Ngô Quốc Anh

July 20, 2009

A generalization of the Morera’s Theorem

In complex analysis, a branch of mathematics, Morera’s theorem, named after Giacinto Morera, gives an important criterion for proving that a function is holomorphic.

Morera’s theorem states that if f is a continuous, complex-valued function defined on an open set D in the complex plane, satisfying

\displaystyle\oint_C f(z) dz = 0

for every triangle C in D, then f must be holomorphic on D.

The assumption of Morera’s theorem is equivalent to that f has an anti-derivative on D. The converse of the theorem is not true in general. A holomorphic function need not possess an antiderivative on its domain, unless one imposes additional assumptions. For instance, Cauchy’s integral theorem states that the line integral of a holomorphic function along a closed curve is zero, provided that the domain of the function is simply connected.

Now we state and prove the following generalization of the Morera’s theorem: Suppose that f is continuous on \mathbb C, and

\displaystyle\int_C f(z) dz = 0

for every circle C. Prove f is holomorphic.

File:Morera's Theorem.png

Proof. If \varphi(z) is a smooth bounded function with

\displaystyle\int_{\mathbb C} \varphi(z)dxdy = 1

let

\displaystyle\varphi_\varepsilon(z) = \frac{1}{\varepsilon^2} \varphi(\frac{z}{\varepsilon})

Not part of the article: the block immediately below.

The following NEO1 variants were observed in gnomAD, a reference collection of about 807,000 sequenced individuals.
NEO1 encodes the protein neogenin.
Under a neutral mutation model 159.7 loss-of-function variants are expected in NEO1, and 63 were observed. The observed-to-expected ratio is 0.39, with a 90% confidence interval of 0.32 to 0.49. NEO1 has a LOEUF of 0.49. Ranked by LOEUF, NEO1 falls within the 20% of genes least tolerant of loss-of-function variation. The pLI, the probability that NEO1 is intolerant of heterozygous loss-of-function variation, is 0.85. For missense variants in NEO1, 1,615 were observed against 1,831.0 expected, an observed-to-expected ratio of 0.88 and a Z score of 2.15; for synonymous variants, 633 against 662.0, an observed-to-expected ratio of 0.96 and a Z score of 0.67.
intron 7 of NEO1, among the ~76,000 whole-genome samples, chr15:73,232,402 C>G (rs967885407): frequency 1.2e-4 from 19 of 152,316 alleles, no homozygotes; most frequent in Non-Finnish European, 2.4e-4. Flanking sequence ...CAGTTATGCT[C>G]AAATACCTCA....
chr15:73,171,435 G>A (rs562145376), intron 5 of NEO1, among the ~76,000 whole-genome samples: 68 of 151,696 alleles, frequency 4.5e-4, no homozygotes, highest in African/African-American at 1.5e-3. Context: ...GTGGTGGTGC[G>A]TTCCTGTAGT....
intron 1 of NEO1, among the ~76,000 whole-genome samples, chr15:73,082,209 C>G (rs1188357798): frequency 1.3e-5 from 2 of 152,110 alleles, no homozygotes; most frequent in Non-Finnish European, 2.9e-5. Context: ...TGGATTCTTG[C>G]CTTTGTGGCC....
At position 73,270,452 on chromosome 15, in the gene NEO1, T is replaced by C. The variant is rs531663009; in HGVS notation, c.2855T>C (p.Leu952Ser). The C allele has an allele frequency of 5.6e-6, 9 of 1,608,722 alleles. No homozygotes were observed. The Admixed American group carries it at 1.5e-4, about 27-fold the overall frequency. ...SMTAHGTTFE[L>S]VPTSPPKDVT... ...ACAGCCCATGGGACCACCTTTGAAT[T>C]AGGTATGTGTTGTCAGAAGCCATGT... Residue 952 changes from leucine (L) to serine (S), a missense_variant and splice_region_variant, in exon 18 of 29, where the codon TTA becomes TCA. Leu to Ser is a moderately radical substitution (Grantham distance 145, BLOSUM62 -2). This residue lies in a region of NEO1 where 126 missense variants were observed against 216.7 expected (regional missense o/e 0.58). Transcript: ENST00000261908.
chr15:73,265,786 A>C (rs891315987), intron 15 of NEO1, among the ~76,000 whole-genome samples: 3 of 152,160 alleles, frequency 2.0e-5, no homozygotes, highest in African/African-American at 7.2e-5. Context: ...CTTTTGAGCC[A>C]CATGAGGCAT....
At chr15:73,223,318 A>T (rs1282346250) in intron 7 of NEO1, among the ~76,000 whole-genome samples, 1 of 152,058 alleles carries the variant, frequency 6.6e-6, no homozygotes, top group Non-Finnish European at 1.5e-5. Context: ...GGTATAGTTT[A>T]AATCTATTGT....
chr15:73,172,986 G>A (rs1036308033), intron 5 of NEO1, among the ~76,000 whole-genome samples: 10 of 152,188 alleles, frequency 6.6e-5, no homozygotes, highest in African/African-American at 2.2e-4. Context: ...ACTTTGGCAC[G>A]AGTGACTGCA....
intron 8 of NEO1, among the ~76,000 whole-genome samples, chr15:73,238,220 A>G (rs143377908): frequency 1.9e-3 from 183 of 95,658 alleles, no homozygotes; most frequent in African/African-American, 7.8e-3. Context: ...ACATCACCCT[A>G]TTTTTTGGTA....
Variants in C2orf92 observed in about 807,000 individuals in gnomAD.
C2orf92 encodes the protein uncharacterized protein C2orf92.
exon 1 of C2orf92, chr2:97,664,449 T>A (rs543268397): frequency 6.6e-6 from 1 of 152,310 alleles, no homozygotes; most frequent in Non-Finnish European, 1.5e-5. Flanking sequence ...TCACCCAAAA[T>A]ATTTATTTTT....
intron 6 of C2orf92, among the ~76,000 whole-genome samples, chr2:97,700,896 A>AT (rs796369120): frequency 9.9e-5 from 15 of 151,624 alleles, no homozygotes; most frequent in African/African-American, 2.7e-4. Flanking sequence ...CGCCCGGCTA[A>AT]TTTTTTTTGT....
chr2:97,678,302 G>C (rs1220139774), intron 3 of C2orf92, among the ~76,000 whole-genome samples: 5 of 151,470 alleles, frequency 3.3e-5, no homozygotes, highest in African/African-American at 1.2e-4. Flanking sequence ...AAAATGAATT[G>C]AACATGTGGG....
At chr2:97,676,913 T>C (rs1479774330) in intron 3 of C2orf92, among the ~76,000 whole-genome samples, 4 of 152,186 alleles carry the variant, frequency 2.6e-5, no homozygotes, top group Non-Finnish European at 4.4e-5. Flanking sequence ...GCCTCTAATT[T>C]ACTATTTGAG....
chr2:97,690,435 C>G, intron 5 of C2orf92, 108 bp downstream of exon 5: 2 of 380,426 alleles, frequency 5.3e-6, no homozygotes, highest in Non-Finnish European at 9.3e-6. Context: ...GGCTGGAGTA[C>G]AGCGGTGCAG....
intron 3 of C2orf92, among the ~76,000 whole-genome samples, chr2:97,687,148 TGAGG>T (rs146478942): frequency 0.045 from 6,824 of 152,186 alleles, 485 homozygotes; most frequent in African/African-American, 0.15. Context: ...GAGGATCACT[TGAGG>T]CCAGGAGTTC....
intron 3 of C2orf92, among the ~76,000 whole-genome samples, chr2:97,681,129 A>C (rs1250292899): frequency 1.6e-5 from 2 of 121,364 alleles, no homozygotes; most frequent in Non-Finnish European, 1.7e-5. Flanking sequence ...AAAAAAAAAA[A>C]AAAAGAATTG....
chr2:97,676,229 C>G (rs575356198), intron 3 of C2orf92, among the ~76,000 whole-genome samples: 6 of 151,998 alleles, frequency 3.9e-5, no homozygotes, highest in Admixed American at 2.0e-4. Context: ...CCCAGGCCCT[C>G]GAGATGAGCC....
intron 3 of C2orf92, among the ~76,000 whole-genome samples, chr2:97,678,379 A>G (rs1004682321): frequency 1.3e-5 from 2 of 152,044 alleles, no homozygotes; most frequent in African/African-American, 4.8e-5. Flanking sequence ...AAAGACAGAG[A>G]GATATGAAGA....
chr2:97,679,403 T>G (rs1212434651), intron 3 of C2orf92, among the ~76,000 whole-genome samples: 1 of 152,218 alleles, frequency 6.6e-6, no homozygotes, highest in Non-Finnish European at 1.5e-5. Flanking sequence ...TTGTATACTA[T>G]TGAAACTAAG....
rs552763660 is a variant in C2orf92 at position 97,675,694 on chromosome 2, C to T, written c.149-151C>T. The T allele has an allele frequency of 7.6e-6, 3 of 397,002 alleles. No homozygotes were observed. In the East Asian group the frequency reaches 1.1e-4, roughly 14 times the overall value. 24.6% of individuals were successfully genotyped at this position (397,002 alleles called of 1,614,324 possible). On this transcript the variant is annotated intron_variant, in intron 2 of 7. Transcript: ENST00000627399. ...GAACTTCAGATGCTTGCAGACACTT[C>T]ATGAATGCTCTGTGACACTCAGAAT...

so \varphi_\varepsilon(z) is an approximate identity.

Define

\displaystyle f_\varepsilon(z) = \int_{\mathbb C} f(z-w) \varphi_\varepsilon(w)dxdy,

that is, the convolution of f and \varphi_\varepsilon. Then by Folland Prop. 8.10 f_\varepsilon is smooth (actually smooth on compact subsets which implies smooth everywhere). By Folland Thm. 8.14 f_\varepsilon \to f uniformly on compact subset as \varepsilon \to 0 and

\displaystyle\int_C {{f_\varepsilon }} (z)dz = \int_C {\int_\mathbb{C} f } (z - w){\varphi _\varepsilon }(w)dxdydz = \int_\mathbb{C} {{\varphi _\varepsilon }(w)} \int_C {{f_\varepsilon }} (z - w)dzdxdy.

By a change of variables

\displaystyle \int_C f(z-w)dz = \int_{C-w } f(z)dz = 0

where C-w is the translate of C by w which is still a circle. So

\displaystyle\int_C f_\varepsilon (z)dz = 0.

Thus if f_\varepsilon = u_\varepsilon + iv_\varepsilon the partial derivatives all exist and are continuous and

\displaystyle 0 = \int_C {{f_\varepsilon }\left( z \right)dz} = \int_C {\left[ {{u_\varepsilon } + i{v_\varepsilon }} \right]dx + \left[ { - {v_\varepsilon } + i{u_\varepsilon }} \right]dy}

which implies

\displaystyle 0 = \int_{{\rm int } C} {\left[ {\frac{{\partial ( - {v_\varepsilon })}}{{\partial x}} + \frac{{\partial (i{u_\varepsilon })}}{{\partial x}} - \frac{{\partial ({u_\varepsilon })}}{{\partial y}} - \frac{{\partial (i{v_\varepsilon })}}{{\partial y}}} \right]dxdy}

or equivalently,

\displaystyle 0 = \int_{{\rm int } C} { - \left[ {\frac{{\partial {u_\varepsilon }}}{{\partial y}} + \frac{{\partial {v_\varepsilon }}}{{\partial x}}} \right] + i\left[ {\frac{{\partial {u_\varepsilon }}}{{\partial x}} - \frac{{\partial {v_\varepsilon }}}{{\partial y}}} \right]dxdy}

Since this is true for any circle (any translate or dilate) this implies

\displaystyle\frac{{\partial {u_\varepsilon }}}{{\partial y}} = - \frac{{\partial {v_\varepsilon }}}{{\partial x}},\quad \frac{{\partial {u_\varepsilon }}}{{\partial x}} = \frac{{\partial {v_\varepsilon }}}{{\partial y}}

the C-R equations for f_\varepsilon so f_\varepsilon is holomorphic and since it converges uniformly on compact subsets to f, f is also holomorphic.

Source: http://www.math.ucla.edu/~mhofmann/math246a-3a.pdf

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